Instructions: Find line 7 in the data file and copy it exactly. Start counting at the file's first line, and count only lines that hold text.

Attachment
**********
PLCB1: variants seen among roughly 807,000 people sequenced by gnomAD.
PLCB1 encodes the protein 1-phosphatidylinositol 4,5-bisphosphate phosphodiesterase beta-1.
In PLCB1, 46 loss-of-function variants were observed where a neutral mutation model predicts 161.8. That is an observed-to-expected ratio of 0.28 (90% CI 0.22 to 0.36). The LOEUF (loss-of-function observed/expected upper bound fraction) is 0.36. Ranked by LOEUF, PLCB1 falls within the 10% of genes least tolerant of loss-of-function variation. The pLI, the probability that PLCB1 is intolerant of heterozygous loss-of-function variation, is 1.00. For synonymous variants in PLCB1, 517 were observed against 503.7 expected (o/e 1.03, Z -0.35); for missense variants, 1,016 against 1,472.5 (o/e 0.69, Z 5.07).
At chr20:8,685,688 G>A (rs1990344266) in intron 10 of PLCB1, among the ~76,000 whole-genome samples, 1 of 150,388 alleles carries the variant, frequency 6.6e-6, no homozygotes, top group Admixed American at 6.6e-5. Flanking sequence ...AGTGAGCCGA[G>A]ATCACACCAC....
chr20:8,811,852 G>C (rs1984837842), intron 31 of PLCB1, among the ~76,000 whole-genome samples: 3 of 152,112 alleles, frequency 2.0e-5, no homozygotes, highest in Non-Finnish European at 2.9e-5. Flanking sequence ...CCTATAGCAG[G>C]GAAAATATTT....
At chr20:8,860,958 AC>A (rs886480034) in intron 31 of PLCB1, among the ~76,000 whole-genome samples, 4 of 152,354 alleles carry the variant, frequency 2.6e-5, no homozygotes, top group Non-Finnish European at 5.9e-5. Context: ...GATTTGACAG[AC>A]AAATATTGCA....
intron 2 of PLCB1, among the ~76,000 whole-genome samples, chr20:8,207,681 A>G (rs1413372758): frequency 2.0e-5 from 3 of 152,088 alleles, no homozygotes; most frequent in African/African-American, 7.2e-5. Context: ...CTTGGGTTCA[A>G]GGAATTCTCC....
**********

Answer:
intron 2 of PLCB1, among the ~76,000 whole-genome samples, chr20:8,207,681 A>G (rs1413372758): frequency 2.0e-5 from 3 of 152,088 alleles, no homozygotes; most frequent in African/African-American, 7.2e-5. Context: ...CTTGGGTTCA[A>G]GGAATTCTCC....